A feminist perspective
A Feminist Perspective
By Sandra Whitworth
FEMINISTS share a conviction that international relations are as much about population control policies as they are about nuclear deterrence; as much about sex trade workers serving foreign military bases as about the arms trade; as much about foreign domestic servants as about international crisis management; and as much about sex-specific international labour legislation as about the foreign policies of "great" powers. In short, feminists claim that international relations are about what affects the lives of women throughout the world, which, because of the primacy given to "high politics," go largely unnoticed.
The "'New World Order" has been ushered in as a re-statement of the centrality and expediency of military violence in resolving international conflicts. As riveting as the Cold War may have been, even superpower posturing did not capture our imagination like the real thing, and Desert Storm gave us precisely that. Real wars are exciting, frightening, and for some, even beautiful. One U.S. fighter pilot described Baghdad on the first night of that aerial bombardment as "lit up like a Christmas tree." We can be impressed by the logic of the strategic game and horrified by the deaths of hundreds of innocent lives, all in one thirty minute news broadcast.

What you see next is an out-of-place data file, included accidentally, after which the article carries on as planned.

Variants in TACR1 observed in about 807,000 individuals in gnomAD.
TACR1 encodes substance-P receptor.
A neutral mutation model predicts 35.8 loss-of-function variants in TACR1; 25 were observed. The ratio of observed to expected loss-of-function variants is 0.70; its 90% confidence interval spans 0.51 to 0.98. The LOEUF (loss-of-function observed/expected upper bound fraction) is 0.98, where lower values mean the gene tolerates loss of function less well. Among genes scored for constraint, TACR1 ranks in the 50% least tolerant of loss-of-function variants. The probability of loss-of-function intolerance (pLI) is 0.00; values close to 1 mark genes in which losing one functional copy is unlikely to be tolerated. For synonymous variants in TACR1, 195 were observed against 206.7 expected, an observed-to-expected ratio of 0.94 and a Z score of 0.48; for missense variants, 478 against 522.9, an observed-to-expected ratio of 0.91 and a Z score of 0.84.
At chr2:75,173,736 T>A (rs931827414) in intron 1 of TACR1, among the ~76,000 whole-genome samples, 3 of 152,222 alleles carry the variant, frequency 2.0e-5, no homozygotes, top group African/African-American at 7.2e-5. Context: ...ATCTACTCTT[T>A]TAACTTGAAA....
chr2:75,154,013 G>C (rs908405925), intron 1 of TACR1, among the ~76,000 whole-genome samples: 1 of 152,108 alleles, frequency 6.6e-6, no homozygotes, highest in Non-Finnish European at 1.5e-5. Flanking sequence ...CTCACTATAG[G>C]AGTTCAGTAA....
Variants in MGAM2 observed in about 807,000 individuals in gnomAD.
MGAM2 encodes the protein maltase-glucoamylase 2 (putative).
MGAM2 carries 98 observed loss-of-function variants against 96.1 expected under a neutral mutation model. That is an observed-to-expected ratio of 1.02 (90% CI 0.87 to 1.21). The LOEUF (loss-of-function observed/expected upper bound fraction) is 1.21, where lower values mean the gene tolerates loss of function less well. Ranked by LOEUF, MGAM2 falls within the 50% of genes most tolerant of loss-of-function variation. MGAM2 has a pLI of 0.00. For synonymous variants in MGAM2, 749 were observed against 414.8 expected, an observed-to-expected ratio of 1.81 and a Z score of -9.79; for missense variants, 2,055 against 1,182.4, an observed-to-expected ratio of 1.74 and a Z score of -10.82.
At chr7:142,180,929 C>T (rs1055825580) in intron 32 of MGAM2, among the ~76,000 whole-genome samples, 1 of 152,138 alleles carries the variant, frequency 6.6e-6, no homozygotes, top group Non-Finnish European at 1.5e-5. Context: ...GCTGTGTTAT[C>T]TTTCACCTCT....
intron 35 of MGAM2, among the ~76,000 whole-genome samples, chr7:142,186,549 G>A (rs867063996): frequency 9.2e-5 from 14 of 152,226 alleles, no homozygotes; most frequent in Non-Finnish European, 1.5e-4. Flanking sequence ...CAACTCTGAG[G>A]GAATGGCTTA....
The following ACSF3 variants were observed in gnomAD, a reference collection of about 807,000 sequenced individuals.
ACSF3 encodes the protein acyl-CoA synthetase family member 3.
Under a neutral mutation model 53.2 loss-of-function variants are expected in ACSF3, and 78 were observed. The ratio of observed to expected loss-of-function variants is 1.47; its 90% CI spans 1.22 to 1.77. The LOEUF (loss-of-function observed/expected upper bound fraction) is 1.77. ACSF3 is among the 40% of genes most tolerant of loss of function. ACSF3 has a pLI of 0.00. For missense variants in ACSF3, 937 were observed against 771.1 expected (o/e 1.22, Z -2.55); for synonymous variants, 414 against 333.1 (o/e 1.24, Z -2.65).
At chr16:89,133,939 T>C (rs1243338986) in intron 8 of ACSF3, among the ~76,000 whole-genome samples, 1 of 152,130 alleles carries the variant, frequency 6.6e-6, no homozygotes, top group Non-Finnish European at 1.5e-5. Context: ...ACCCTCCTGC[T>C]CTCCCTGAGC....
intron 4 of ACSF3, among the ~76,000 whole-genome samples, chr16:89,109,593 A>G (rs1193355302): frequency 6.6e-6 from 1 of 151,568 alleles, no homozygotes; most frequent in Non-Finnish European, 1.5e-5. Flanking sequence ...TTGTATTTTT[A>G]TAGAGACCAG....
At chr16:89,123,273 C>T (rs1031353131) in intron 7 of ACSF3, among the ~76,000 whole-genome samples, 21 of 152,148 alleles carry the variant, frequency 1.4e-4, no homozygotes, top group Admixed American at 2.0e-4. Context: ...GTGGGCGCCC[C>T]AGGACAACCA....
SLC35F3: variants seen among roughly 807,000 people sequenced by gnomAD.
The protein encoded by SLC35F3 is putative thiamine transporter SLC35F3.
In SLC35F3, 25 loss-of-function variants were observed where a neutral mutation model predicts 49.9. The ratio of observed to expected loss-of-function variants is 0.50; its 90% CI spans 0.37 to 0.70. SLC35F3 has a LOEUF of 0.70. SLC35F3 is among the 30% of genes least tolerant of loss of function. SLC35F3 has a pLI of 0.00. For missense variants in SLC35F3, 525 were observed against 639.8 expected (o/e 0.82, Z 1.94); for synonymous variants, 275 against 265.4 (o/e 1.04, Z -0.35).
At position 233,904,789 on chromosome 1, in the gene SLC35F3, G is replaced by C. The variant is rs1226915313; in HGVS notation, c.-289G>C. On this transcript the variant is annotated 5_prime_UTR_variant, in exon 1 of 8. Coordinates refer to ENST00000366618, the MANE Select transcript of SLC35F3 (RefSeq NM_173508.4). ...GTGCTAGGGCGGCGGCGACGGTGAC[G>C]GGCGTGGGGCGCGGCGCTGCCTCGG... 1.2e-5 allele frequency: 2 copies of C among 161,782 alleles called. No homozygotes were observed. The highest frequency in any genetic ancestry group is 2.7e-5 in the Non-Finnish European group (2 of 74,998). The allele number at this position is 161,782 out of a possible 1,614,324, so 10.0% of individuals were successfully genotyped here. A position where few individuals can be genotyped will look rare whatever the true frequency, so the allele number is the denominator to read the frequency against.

Wars are important. Only in war do we see clearly the tools of violence available to the state. Desert Storm illustrated what a 'monopoly of force' really means. Of course, the marginalized, the dissenters, the minorities have long understood this. But the violence used to silence these groups is exercised quietly and covertly. During the Gulf War, by contrast, the overwhelming power of the state showed itself in our living rooms every evening.
It is the power and violence of the Gulf War that has created this "new" world order. The ability of international organizations to promote peace, if not altogether discredited, has been severely disabled. The new world order arrives with phrases like precision bombing, Patriot missiles, collateral damage, offensive military capability, and pre-emptive strike. It comes with a whole ensemble of expert analysts who use these words with ease, as they do the entire world view associated with them, that of realism or realpolitik
The language and form of analysis associated with realism suits the drama of war well. Its simple precepts-that states seek to enhance their power in the anarchic international system
permit us to develop expectations about how state leaders will and should act in situations of conflict. Realists never doubted that the U.N. was unable to promote peace and cooperation in any lasting sense; the anarchic nature of the system precluded that. And while realists may disagree amongst themselves about different phases of the conflict, basic principles of realism were confirmed by the events of August 2nd to February 27th-for realism is never more salient and more compelling than during war.